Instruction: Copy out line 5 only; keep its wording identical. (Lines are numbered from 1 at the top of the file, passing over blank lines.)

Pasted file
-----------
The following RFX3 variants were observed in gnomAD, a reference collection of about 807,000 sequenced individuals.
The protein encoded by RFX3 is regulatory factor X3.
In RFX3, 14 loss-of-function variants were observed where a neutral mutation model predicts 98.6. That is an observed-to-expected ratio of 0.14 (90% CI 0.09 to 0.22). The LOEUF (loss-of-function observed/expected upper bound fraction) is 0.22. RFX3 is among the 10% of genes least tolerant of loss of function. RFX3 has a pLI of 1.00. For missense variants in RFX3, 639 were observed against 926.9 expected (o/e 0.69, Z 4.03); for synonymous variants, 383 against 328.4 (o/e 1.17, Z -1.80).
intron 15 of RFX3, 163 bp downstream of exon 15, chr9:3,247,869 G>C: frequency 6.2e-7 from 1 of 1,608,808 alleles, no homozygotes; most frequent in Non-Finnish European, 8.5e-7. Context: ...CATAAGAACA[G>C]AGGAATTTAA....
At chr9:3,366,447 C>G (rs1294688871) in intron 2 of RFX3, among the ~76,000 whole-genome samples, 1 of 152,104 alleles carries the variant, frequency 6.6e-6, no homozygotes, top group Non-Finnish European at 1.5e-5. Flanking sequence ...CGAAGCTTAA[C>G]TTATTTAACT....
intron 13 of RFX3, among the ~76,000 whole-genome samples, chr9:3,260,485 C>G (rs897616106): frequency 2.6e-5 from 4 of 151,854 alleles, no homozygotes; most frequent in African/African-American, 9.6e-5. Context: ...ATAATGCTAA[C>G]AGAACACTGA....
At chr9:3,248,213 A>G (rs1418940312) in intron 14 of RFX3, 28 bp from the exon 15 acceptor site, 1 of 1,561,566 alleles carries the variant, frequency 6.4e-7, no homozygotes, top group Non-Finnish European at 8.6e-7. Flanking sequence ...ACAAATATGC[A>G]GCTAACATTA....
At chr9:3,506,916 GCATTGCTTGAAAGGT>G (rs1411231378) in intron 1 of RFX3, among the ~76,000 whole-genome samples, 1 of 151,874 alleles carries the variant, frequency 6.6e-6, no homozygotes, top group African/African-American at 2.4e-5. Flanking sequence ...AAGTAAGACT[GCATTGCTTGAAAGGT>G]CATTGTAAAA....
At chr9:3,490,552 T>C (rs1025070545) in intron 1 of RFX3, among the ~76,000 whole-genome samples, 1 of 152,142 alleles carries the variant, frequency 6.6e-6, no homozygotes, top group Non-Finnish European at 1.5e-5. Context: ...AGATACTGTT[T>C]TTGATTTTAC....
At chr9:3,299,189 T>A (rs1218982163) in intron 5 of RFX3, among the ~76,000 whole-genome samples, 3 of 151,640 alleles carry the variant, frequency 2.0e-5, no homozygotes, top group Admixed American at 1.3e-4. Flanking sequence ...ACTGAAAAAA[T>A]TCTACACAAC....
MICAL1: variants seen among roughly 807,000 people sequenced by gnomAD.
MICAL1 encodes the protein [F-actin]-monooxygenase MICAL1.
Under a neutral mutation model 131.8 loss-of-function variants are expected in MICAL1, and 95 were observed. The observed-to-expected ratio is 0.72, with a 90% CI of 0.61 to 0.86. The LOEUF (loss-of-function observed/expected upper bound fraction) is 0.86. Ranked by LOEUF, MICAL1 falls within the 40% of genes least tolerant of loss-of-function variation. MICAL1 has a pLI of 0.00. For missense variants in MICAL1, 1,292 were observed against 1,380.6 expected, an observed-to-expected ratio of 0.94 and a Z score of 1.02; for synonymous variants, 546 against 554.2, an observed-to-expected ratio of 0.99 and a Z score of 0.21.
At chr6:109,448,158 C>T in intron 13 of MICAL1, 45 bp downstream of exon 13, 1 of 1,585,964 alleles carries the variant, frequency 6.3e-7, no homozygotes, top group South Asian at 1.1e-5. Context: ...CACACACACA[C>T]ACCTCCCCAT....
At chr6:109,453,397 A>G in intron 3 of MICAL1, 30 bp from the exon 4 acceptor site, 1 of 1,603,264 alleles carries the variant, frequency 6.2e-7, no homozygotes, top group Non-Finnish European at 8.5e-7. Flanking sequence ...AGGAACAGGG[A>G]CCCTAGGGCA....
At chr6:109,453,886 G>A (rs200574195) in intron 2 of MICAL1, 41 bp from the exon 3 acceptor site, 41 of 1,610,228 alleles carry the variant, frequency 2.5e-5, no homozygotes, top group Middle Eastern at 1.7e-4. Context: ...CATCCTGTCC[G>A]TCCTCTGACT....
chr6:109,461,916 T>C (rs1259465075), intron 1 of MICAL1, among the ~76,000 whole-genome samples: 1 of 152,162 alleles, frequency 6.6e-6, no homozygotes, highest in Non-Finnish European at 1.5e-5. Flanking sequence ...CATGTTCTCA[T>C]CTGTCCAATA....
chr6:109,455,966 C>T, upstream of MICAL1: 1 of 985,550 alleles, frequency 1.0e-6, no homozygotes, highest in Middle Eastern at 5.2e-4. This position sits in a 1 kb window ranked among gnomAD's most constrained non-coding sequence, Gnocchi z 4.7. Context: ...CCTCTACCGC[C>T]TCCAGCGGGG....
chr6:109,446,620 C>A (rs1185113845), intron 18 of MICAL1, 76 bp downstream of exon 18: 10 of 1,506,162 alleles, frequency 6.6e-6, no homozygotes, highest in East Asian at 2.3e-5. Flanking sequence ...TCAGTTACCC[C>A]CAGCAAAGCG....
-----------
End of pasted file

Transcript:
At chr9:3,366,447 C>G (rs1294688871) in intron 2 of RFX3, among the ~76,000 whole-genome samples, 1 of 152,104 alleles carries the variant, frequency 6.6e-6, no homozygotes, top group Non-Finnish European at 1.5e-5. Flanking sequence ...CGAAGCTTAA[C>G]TTATTTAACT....